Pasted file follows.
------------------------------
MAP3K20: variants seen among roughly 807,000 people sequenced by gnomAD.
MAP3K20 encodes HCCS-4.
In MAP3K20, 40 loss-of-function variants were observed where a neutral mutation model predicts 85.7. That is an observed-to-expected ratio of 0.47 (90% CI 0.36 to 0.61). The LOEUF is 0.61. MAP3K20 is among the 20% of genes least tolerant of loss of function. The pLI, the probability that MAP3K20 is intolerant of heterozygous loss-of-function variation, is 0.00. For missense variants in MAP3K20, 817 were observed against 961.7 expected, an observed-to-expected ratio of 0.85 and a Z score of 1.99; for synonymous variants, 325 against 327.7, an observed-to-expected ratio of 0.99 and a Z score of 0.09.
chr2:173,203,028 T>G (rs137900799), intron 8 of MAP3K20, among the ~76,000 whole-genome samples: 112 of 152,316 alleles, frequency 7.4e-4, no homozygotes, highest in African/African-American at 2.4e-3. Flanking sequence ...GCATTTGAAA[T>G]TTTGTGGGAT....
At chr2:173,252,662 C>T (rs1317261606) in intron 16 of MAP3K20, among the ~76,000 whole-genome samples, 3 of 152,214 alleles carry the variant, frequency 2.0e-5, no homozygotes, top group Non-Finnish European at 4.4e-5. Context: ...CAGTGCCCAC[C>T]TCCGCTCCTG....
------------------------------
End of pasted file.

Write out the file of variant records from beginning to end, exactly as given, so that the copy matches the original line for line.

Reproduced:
MAP3K20: variants seen among roughly 807,000 people sequenced by gnomAD.
MAP3K20 encodes HCCS-4.
In MAP3K20, 40 loss-of-function variants were observed where a neutral mutation model predicts 85.7. That is an observed-to-expected ratio of 0.47 (90% CI 0.36 to 0.61). The LOEUF is 0.61. MAP3K20 is among the 20% of genes least tolerant of loss of function. The pLI, the probability that MAP3K20 is intolerant of heterozygous loss-of-function variation, is 0.00. For missense variants in MAP3K20, 817 were observed against 961.7 expected, an observed-to-expected ratio of 0.85 and a Z score of 1.99; for synonymous variants, 325 against 327.7, an observed-to-expected ratio of 0.99 and a Z score of 0.09.
chr2:173,203,028 T>G (rs137900799), intron 8 of MAP3K20, among the ~76,000 whole-genome samples: 112 of 152,316 alleles, frequency 7.4e-4, no homozygotes, highest in African/African-American at 2.4e-3. Flanking sequence ...GCATTTGAAA[T>G]TTTGTGGGAT....
At chr2:173,252,662 C>T (rs1317261606) in intron 16 of MAP3K20, among the ~76,000 whole-genome samples, 3 of 152,214 alleles carry the variant, frequency 2.0e-5, no homozygotes, top group Non-Finnish European at 4.4e-5. Context: ...CAGTGCCCAC[C>T]TCCGCTCCTG....